Plunk over

plunk

[pluhngk]
verb (used with object)
1.
to pluck (a stringed instrument or its strings); twang: to plunk a guitar.
2.
to throw, push, put, drop, etc., heavily or suddenly; plump (often followed by down ): Plunk down your money. She plunked herself down on the seat.
3.
to push, shove, toss, etc. (sometimes followed by in, over, etc.): to plunk the ball over the net; to plunk a pencil into a drawer.
verb (used without object)
4.
to give forth a twanging sound.
5.
to drop heavily or suddenly; plump (often followed by down ): to plunk down somewhere and take a nap.
noun
6.
act or sound of plunking.
7.
Informal. a direct, forcible blow.
8.
Slang. a dollar.
adverb
9.
Informal. with a plunking sound.
10.
Informal. squarely; exactly: The tennis ball landed plunk in the middle of the net.

Origin:
1760–70; expressive word akin to pluck

Dictionary.com Unabridged
Based on the Random House Dictionary, © Random House, Inc. 2014.
Cite This Source Link To plunk over
Collins
World English Dictionary
plunk (plʌŋk)
 
vb
1.  to pluck (the strings) of (a banjo, harp, etc) or (of such an instrument) to give forth a sound when plucked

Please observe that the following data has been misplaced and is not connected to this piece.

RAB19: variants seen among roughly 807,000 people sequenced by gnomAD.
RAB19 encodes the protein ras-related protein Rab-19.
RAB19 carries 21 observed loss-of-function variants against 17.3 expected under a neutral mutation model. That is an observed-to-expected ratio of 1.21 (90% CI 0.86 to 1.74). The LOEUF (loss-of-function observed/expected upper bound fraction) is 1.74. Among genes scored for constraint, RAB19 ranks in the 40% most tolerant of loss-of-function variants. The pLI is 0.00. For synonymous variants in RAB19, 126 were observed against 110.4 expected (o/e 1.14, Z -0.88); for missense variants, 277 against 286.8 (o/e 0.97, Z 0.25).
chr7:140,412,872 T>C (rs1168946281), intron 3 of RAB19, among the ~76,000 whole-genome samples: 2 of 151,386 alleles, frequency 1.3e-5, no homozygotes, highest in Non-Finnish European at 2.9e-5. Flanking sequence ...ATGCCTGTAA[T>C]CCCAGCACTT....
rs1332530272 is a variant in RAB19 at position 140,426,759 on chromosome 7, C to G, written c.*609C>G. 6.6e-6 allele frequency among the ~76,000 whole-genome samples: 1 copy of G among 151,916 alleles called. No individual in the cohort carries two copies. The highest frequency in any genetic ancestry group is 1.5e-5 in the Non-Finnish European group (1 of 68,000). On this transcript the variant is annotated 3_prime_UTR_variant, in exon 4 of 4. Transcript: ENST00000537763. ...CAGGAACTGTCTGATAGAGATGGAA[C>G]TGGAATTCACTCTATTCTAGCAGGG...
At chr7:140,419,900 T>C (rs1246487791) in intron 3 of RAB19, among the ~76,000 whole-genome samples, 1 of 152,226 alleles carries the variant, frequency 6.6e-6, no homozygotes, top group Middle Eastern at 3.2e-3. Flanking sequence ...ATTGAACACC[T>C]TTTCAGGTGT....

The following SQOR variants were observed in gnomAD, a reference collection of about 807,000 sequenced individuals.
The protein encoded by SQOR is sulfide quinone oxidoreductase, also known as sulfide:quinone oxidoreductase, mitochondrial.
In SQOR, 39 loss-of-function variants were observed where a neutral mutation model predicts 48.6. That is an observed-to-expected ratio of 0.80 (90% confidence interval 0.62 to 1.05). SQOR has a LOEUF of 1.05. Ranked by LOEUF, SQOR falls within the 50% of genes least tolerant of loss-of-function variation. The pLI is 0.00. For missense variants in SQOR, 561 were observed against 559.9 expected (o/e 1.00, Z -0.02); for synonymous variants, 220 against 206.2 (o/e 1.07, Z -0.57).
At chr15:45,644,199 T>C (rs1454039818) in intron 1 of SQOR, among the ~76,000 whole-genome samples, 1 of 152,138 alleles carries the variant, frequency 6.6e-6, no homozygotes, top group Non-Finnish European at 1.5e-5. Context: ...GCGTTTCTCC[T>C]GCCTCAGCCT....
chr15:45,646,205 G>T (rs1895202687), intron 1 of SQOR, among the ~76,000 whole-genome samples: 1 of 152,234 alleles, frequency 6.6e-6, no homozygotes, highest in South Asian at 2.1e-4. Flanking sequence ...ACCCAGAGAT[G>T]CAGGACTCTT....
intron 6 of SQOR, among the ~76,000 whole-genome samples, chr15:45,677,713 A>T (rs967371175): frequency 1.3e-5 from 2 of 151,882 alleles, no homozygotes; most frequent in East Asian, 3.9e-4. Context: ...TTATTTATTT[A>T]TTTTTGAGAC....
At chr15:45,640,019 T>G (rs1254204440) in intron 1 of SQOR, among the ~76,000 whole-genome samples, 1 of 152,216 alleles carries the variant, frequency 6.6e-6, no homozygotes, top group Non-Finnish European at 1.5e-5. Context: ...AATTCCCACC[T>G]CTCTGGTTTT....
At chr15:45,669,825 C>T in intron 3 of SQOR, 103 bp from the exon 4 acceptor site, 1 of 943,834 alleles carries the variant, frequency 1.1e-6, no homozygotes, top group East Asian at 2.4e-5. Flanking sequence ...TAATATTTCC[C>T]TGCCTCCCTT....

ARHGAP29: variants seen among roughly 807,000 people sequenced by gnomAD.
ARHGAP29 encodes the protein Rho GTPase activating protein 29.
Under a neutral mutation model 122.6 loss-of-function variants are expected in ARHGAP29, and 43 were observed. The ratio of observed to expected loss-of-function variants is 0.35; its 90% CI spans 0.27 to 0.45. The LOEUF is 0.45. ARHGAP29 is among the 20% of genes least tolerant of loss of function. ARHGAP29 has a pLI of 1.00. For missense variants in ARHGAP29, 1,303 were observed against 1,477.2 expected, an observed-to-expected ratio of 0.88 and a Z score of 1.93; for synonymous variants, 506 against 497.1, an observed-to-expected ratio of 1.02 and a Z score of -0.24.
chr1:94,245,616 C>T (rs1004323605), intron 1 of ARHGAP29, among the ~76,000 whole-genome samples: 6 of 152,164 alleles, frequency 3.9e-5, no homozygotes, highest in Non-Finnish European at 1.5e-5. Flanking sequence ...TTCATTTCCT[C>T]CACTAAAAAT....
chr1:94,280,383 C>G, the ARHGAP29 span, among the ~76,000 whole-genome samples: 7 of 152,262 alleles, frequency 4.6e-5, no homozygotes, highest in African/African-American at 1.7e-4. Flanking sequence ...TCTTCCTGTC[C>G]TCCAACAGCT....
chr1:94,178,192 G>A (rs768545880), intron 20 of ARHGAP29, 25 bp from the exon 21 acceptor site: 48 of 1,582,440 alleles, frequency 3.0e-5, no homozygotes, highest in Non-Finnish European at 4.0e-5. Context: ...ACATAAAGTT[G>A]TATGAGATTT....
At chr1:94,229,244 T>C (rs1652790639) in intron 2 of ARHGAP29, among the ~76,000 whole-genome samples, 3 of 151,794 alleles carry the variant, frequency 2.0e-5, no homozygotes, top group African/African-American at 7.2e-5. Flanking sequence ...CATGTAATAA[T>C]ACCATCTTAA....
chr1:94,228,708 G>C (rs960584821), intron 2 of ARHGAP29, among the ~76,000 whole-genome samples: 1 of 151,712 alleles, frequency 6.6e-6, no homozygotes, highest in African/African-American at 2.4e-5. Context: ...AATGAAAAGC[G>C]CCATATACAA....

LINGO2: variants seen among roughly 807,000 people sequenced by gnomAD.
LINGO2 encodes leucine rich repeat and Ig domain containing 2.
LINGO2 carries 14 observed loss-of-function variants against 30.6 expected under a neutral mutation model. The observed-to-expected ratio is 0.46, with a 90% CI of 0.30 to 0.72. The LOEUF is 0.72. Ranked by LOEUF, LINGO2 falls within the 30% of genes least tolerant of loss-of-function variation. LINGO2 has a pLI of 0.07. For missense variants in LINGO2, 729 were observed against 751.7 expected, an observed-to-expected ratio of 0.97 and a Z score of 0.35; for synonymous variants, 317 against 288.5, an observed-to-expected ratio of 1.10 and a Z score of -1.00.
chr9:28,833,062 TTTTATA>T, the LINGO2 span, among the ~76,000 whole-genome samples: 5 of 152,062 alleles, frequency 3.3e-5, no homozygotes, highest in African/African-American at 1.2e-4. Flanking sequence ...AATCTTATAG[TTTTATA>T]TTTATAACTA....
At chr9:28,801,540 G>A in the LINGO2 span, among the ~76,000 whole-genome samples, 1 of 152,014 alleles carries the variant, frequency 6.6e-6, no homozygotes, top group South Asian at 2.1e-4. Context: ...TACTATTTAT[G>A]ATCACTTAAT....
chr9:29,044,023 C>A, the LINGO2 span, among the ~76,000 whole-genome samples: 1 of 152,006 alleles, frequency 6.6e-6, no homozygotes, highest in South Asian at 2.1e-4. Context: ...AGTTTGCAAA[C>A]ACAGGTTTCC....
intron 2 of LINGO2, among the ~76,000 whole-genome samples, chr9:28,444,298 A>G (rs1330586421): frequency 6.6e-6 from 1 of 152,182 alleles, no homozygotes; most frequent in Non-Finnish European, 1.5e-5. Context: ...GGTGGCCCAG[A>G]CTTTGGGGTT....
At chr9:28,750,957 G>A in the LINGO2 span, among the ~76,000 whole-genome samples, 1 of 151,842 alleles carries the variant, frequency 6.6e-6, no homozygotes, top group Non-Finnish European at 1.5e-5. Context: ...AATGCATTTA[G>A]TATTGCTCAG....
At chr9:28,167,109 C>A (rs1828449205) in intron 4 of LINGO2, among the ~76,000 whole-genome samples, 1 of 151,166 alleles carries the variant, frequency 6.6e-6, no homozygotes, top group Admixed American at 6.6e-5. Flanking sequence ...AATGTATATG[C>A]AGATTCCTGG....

2.  (often foll by down) to drop or be dropped, esp heavily or suddenly
 
n
3.  the act or sound of plunking
4.  informal a hard blow
 
interj
5.  an exclamation imitative of the sound of something plunking
 
adv
6.  informal exactly; squarely: plunk into his lap
 
[C20: imitative]

Collins English Dictionary - Complete & Unabridged 10th Edition
2009 © William Collins Sons & Co. Ltd. 1979, 1986 © HarperCollins
Publishers 1998, 2000, 2003, 2005, 2006, 2007, 2009
Cite This Source
Etymonline
Word Origin & History

plunk
1805, "to pluck a stringed instrument;" 1808 in sense of "drop down abruptly." Probably of imitative origin in both cases.
Online Etymology Dictionary, © 2010 Douglas Harper
Cite This Source
Copyright © 2014 Dictionary.com, LLC. All rights reserved.
  • Please Login or Sign Up to use the Recent Searches feature